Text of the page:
• #7
    • February 28, 2013 at 5:32 am
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  8. Member

    In the mid-70s, I was the only student who checked NR out of my high school’s library – and watched “Firing Line” every Friday evening…Well and truly hooked…Thanks be for Uncommon Knowledge and Ricochet.

    • #8
    • February 28, 2013 at 5:53 am
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  9. Thatcher

    I first came across Mr. Buckley on Firing Line, when I was in junior high. I was confused at first. I couldn’t make out what language he was speaking. It seemed very like English, but he would lob out a word like “circumlocution” or “vituperative” or “omnibus” that would have me scrambling for the dictionary.

    What he was going on about remained a mystery until high school, during my proto-Bolshevik phase. Then I tuned in to mock (and to pick up new words), but his logic was impeccable, unlike some of his guests. That and the utter failure that was the Carter presidency slowly but surely let the air out of the Left for me. Some time during college a stray copy of National Review crossed my path, and I discovered I was a conservative after all.

    • #9
    • February 28, 2013 at 5:54 am
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  10. Inactive

    I used to observe Buckley in the summertime and I wracked my brain to figure out what to ask him if I ever screwed up the courage to even ask.

    Never got there. Would it have been about Blacky, or Jimmuh , or the harpsichord, sailing, Barry Goldwater, the future or the end of the world ?

    Tongue tied from a distance, I missed the chance then and rue it forever.

    His heritage is great conservative journalism. 

    Let us turn to another fallen comrade . Breitbart Lives !

    • #10
    • February 28, 2013 at 6:09 am
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  11. Inactive

    It’s 1976 and I’m sitting in a grungy basement apartment, my two children asleep. Totally adrift spiritually after leaving a ten-year marriage — I could no longer do the tight-wire act: the straight wife providing cover. The second time in my life I wondered if God existed. I turned the TV on and there was William Buckley interviewing Aleksandr Solzhenitsyn — I was stunned (sent for the transcript). A whole new world opened up for me…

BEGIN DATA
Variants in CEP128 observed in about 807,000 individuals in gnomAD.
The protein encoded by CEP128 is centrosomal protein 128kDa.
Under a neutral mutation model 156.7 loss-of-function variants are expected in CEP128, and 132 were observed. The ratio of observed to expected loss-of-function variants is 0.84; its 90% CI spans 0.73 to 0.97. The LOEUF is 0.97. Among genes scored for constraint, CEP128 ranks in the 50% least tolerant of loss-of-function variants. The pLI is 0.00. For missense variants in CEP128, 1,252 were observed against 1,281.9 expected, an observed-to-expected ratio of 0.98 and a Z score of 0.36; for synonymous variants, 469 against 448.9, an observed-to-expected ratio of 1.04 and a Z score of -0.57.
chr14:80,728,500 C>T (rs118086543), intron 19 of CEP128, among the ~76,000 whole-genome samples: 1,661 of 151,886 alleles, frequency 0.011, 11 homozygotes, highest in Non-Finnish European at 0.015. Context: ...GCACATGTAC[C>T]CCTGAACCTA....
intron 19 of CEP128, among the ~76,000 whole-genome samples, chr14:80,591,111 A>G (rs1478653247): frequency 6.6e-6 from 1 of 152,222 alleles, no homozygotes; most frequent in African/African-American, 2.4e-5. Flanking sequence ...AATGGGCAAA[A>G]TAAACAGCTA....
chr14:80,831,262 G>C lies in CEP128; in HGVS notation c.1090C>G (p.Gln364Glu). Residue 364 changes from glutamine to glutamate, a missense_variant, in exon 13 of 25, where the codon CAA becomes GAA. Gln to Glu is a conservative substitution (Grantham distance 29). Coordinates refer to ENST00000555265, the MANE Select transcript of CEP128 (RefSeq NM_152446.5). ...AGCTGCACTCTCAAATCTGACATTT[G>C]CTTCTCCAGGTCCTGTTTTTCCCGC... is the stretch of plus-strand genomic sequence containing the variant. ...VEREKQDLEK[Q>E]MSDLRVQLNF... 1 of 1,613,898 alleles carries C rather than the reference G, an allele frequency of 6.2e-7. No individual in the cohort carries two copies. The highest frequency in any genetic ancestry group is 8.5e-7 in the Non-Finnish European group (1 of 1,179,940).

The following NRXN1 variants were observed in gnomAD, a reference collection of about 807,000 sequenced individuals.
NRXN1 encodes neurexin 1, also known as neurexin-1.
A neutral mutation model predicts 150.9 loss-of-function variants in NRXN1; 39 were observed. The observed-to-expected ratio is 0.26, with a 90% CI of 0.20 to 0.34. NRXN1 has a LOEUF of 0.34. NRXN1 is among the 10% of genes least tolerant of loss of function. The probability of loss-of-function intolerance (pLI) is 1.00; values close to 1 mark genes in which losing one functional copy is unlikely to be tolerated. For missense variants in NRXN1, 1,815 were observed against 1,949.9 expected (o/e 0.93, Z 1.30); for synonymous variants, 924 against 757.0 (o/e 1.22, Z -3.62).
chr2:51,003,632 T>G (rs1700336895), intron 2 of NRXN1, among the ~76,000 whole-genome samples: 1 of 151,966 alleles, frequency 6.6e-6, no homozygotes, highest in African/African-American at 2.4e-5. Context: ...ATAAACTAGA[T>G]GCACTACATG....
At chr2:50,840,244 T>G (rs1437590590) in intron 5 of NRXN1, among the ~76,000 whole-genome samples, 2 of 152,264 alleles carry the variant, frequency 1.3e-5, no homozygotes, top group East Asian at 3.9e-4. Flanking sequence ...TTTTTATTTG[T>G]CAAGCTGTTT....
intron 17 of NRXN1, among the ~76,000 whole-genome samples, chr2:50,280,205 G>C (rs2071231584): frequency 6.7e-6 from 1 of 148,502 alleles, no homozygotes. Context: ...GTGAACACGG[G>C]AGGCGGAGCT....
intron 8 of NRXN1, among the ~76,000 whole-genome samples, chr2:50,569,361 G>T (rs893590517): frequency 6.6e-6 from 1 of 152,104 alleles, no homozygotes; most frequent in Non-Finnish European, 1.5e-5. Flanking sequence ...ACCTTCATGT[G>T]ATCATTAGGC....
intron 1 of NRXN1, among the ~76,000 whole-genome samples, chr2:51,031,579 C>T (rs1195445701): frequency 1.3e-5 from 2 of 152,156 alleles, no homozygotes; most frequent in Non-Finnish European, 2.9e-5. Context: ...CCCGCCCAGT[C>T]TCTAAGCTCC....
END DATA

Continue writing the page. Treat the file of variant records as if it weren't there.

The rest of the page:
A faithful NR subscriber (and now Ricochet!)

    • #11
    • February 28, 2013 at 6:41 am
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  12. Member

    I hope everyone can read Larry Perelman’s article at National Review. Title: “In WFB’s Footsteps” and in it he publishes for the first time something about what it was like 5 years ago to be in the house, early in the morning, and preparing for a piano concert, when WFB died. He waited to publish this out of respect for the family. It’s really a very sweet set of memories that he shares with us.Buckley-in-his-Office.jpg

    William F. Buckley, Jr., the great educator.

    During the 1980 election season I found myself moving to the right and thinking about voting for Reagan. The great debate between him and Carter finally did the trick. From that moment on I wanted to learn more about politics and to figure out what the conservatives had to offer. Mr. Buckley’s columns are what affected me the most: he gave me access to difficult and complicated political issues. I did have to use a dictionary sometimes but his explanations were crystal clear. It was his teaching ability that made him the great columnist that he was. 

    • #12
    • February 28, 2013 at 7:02 am
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  13. Inactive

    I grew up alone really. Never made Friends and Family had no interest in what I was interested in.

    In elementary school, fourth or fifth grade, I was in the library looking for something new to read when I felt Someone looking at Me. I turned around and across the room was President Reagan. I went over and snatched the magazine off the shelf and read it cover to cover. It was truly an amazing feeling; finding Others in the world just like Me.

    To this day, as some could attest, I end My correspondence with “Cordially” in honor of Mr. Buckley’s entertaining Notes & Asides.

    • #13
    • February 28, 2013 at 8:12 am
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  14. Member

    My yearlong tribute:


    • #14
    • March 2, 2013 at 1:38 am
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  15. Contributor
    Dave Carter Post author
    dittoheadadt: My yearlong tribute: · 3 hours ago


    • #15
    • March 2, 2013 at 5:05 am
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  16. Inactive

    I named my son William F. Preston.

    • #16
    • March 4, 2013 at 6:05 am
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  17. Contributor
    Dave Carter Post author

    Very nice!

    • #17
    • March 4, 2013 at 6:38 am